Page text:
This week, Mary decodes: Bad Breath
Have you ever tried to do the sniff test before meeting up with friends for dinner after work? You know – the one where you breath hot air onto your hand and sniff to see if your breath smells bad. Well, it turns out it is almost impossible for us to smell our own breath so this trick really isn’t helping anyone!
Whether it’s your partner’s morning breath, your coworker in a meeting or yourself after lunch – halitosis, or bad breath, is definitely a problem that all of us struggle with everyday!
What is Halitosis?
It is basically a fancy way of saying that someone has horrible breath! Halitosis is latin and comes from the words halitus (breathed air) and the osis (pathologic alteration).
Unfortunately, halitosis is For a very common problem in the general population – more than 50% of people have it, and 80 million people in the U.S. suffer from chronic halitosis.
Think About This The Next Time You French Kiss
The temperature inside of your mouth can reach up to 37°C with 96% humidity. This warm, moist condition makes your mouth a suitable environment for bacteria to thrive and grow. Believe it or not, there are more than 500 species of bacteria that live in our mouths… I know it’s so gross. The bacteria feeds off of the organic substrates like glucose, mucins, peptides and proteins from our food and saliva and produces a foul odor.
Listen to Your Dentist, They’re Right
It is no surprise that the leading cause of bad breath is poor dental hygiene but I think it is safe to say that most of us ignore flossing more than we should. Flossing is critical for gum health, preventing cavities AND reducing bacterial growth between teeth. Any little bits of food and food particles stuck in your teeth will promote even more bacterial growth.
Don’t Forget These Areas in Your Mouth
It is also important to take the same care with brushing your tongue and the sides of your cheeks. Odor-causing bacteria can also thrive in these areas, yet we often don’t pay attention to them.
You are what you eat
I’ll never forget this one time where I ate far too many slices of garlic bread (it’s my weakness, but something I don’t regret), and the next day I essentially became a walking piece of raw garlic. My breath, pores and every part of my entire body was just exuding the smell of garlic. Needless to say after that day, it has definitely helped control my garlic bread binges.
Foods like garlic, onion, fish, coffee and spices can cause bad breath after you eat them. These foods release sulfide compounds, a gas notorious for producing an odor that smells like rotten eggs. The crazy part is that these sulfide compounds stay in your bloodstream for up to 72 hours after consumption and are released from your body the entire time it is in your system. This includes through your breath, gas and even sweat.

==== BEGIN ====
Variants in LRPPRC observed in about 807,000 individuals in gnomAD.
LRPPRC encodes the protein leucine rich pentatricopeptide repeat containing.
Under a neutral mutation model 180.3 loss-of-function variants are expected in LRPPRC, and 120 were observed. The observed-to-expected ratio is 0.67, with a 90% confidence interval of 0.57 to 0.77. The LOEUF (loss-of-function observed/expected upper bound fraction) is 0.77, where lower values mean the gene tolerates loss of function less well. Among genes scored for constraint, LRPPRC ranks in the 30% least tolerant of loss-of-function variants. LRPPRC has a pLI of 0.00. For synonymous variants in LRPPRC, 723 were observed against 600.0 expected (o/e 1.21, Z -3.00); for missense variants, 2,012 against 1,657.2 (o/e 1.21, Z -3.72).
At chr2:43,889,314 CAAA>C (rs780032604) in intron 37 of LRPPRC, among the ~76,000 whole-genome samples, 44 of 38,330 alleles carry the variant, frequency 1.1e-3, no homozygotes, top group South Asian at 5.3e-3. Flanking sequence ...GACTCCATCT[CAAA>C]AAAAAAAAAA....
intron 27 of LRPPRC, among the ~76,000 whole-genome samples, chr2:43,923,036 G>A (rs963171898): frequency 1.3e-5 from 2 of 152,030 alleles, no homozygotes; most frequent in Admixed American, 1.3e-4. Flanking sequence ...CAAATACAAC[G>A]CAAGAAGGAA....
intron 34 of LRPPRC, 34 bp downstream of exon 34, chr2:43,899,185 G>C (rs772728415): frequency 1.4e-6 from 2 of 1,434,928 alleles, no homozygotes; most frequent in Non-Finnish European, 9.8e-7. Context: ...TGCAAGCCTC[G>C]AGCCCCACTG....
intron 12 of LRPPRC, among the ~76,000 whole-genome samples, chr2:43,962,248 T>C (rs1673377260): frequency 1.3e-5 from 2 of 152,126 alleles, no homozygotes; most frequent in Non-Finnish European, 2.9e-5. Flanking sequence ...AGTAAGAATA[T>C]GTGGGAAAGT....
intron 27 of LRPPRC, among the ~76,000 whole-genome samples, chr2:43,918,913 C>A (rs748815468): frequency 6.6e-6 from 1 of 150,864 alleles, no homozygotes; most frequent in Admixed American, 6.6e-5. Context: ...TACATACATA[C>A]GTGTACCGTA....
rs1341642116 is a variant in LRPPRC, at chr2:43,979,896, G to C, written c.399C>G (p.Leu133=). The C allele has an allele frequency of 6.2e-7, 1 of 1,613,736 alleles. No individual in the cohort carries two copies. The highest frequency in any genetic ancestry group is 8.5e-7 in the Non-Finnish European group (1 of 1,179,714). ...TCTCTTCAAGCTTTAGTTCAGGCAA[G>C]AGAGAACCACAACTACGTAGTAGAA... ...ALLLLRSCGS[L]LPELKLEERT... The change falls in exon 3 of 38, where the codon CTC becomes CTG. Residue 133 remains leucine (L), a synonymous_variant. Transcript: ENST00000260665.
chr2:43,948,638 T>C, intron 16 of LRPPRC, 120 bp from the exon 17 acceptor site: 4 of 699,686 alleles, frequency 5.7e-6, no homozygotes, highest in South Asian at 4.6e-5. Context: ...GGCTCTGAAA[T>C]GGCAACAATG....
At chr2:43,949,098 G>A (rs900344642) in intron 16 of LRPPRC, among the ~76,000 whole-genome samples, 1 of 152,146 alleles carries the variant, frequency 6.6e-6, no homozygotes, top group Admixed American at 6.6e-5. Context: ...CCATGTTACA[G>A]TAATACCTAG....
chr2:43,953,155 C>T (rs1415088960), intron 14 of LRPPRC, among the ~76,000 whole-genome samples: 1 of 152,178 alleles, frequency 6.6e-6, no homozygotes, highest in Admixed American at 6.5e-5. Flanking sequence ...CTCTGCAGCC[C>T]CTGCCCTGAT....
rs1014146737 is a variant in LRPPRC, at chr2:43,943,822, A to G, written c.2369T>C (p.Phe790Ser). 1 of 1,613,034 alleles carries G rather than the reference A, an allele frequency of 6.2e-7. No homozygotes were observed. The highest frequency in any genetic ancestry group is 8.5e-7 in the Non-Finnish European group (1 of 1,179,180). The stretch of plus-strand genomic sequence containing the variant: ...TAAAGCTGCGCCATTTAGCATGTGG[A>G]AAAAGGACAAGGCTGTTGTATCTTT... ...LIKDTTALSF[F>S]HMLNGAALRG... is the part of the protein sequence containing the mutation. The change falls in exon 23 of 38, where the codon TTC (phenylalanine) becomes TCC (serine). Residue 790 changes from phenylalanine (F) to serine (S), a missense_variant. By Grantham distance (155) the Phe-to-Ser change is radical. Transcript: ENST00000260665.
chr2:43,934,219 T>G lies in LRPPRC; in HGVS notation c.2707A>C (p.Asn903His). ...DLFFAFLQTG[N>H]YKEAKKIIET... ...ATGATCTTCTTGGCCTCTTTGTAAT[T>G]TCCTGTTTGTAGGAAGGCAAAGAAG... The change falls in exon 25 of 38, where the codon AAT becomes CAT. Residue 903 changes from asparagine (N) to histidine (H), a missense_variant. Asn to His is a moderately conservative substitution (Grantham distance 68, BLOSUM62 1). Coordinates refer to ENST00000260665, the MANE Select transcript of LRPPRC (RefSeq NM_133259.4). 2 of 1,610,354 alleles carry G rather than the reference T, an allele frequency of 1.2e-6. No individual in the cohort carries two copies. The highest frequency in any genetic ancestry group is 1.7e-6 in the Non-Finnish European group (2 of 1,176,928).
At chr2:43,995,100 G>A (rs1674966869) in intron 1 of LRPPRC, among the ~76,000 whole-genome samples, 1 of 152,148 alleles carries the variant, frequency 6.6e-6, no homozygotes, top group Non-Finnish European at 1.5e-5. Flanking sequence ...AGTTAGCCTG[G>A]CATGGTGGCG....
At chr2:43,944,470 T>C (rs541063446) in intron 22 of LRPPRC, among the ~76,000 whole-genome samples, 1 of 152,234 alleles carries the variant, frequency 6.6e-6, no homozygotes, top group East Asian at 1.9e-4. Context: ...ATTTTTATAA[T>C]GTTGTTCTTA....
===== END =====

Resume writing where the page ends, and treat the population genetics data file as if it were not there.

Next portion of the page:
Ditch the Temporary Fixes
Mouthwash and gum are a great way to feel fresh temporarily, but they can’t actually fix the cause of bad breath. The mint-flavouring of gum and mouthwash acts as a short-term way to cover up the smell but don’t have the ability to reduce bacteria in your mouth.
Less common causes of bad breath include infections, smoking tobacco and other chronic issues like gastric reflux and diabetes. If you are suffering from prolonged halitosis, you should talk to your doctor to see if it could be something more serious.
3 Natural Remedies for Bad Breath that Combats Bacteria
These are 3 tried-and-true ways to combat bad breath and bacteria naturally.
1. My favourite: Warm salt water
Instead of using commercial mouthwashes, the best natural mouthwash is actually just warm salt water! Salt water will help eliminate and prevent odor-causing bacteria from growing in the mouth and throat.
2. Apple Cider Vinegar
Every morning before you eat, dilute 1 tbsp of ACV into one glass of water and drink. Apple cider vinegar is antibacterial so it will eliminate odor-causing bacteria on your teeth and tongue. It will also improve overall digestion, as indigestion can cause bad breath too!
You’ve probably heard about sucking on a cinnamon stick for bad breath, but really, who wants to do that? Instead I like adding a teaspoon of cinnamon into my tea. Cinnamon is antiseptic so it’s also very effective at killing bacteria in your mouth.
What are some remedies for bad breath that works for you? Let us know in the comments below.
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